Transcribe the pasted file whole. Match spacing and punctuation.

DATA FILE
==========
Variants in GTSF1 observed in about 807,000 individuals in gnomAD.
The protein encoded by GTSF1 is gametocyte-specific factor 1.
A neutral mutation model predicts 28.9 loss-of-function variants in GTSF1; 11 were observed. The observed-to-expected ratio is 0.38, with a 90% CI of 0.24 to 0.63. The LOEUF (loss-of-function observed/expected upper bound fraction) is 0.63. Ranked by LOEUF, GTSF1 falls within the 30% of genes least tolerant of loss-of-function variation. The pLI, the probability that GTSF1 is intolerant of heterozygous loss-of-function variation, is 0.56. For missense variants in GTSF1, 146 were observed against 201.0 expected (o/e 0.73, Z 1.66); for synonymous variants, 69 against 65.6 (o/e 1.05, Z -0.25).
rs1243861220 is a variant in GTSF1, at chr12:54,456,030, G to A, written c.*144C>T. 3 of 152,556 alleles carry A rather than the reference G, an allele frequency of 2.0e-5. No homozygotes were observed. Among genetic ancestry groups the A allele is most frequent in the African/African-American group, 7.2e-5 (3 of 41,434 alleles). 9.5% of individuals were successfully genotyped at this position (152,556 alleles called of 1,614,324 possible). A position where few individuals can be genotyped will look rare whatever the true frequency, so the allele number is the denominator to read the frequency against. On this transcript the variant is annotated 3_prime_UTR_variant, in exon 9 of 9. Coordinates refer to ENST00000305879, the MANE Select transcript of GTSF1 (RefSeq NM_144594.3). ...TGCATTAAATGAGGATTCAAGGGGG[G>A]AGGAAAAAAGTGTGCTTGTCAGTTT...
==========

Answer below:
Variants in GTSF1 observed in about 807,000 individuals in gnomAD.
The protein encoded by GTSF1 is gametocyte-specific factor 1.
A neutral mutation model predicts 28.9 loss-of-function variants in GTSF1; 11 were observed. The observed-to-expected ratio is 0.38, with a 90% CI of 0.24 to 0.63. The LOEUF (loss-of-function observed/expected upper bound fraction) is 0.63. Ranked by LOEUF, GTSF1 falls within the 30% of genes least tolerant of loss-of-function variation. The pLI, the probability that GTSF1 is intolerant of heterozygous loss-of-function variation, is 0.56. For missense variants in GTSF1, 146 were observed against 201.0 expected (o/e 0.73, Z 1.66); for synonymous variants, 69 against 65.6 (o/e 1.05, Z -0.25).
rs1243861220 is a variant in GTSF1, at chr12:54,456,030, G to A, written c.*144C>T. 3 of 152,556 alleles carry A rather than the reference G, an allele frequency of 2.0e-5. No homozygotes were observed. Among genetic ancestry groups the A allele is most frequent in the African/African-American group, 7.2e-5 (3 of 41,434 alleles). 9.5% of individuals were successfully genotyped at this position (152,556 alleles called of 1,614,324 possible). A position where few individuals can be genotyped will look rare whatever the true frequency, so the allele number is the denominator to read the frequency against. On this transcript the variant is annotated 3_prime_UTR_variant, in exon 9 of 9. Coordinates refer to ENST00000305879, the MANE Select transcript of GTSF1 (RefSeq NM_144594.3). ...TGCATTAAATGAGGATTCAAGGGGG[G>A]AGGAAAAAAGTGTGCTTGTCAGTTT...